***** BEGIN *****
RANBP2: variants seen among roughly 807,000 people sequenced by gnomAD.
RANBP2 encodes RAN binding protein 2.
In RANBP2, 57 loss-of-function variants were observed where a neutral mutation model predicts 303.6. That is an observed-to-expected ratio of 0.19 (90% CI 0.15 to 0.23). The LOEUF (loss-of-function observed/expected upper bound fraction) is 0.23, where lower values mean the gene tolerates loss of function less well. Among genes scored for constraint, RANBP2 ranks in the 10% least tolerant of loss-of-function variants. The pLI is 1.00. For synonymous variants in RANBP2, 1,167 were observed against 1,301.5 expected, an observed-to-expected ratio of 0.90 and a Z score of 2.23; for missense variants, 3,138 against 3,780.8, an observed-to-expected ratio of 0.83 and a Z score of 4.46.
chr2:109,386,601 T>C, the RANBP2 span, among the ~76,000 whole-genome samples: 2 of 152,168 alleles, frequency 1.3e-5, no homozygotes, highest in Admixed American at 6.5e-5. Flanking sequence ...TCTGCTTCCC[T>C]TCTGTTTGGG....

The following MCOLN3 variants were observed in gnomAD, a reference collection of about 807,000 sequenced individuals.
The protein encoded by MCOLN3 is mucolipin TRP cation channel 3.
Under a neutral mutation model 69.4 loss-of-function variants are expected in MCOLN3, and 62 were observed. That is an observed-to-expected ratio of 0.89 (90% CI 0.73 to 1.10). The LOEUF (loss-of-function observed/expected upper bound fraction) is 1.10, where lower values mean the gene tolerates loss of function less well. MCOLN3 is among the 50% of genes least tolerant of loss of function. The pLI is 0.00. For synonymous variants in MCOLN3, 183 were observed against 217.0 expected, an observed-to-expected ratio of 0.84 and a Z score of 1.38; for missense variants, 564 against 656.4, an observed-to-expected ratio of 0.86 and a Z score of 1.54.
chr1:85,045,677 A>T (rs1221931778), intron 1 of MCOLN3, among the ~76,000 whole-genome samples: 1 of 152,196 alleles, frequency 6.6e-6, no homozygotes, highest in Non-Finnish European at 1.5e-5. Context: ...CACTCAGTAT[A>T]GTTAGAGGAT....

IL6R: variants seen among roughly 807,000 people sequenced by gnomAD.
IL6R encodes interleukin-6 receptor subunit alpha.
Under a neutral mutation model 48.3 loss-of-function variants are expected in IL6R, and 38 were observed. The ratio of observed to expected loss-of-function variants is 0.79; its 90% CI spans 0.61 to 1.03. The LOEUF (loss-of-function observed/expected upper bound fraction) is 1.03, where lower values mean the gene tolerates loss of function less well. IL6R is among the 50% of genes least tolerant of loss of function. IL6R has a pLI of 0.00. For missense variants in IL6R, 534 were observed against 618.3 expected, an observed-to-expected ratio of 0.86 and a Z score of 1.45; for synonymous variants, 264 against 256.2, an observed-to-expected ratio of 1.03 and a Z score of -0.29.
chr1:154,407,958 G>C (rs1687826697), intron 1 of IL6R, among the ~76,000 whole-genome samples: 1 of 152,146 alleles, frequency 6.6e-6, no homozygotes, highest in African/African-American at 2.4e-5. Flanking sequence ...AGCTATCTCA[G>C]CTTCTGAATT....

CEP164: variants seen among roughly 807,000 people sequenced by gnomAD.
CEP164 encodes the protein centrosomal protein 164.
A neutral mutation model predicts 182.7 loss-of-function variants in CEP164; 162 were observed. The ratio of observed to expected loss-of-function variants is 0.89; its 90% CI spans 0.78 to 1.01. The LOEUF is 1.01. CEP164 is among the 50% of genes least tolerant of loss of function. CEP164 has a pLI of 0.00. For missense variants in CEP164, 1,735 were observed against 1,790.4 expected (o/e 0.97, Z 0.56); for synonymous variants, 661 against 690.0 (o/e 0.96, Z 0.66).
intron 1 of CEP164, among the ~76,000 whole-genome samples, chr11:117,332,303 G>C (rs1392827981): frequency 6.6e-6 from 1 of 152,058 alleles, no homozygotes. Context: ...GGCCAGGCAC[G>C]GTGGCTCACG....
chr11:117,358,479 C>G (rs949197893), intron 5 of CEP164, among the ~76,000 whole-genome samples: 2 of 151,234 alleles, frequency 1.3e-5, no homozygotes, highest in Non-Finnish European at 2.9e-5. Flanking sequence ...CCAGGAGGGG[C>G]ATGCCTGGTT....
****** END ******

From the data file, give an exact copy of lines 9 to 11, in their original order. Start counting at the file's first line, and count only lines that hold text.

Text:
IL6R: variants seen among roughly 807,000 people sequenced by gnomAD.
IL6R encodes interleukin-6 receptor subunit alpha.
Under a neutral mutation model 48.3 loss-of-function variants are expected in IL6R, and 38 were observed. The ratio of observed to expected loss-of-function variants is 0.79; its 90% CI spans 0.61 to 1.03. The LOEUF (loss-of-function observed/expected upper bound fraction) is 1.03, where lower values mean the gene tolerates loss of function less well. IL6R is among the 50% of genes least tolerant of loss of function. IL6R has a pLI of 0.00. For missense variants in IL6R, 534 were observed against 618.3 expected, an observed-to-expected ratio of 0.86 and a Z score of 1.45; for synonymous variants, 264 against 256.2, an observed-to-expected ratio of 1.03 and a Z score of -0.29.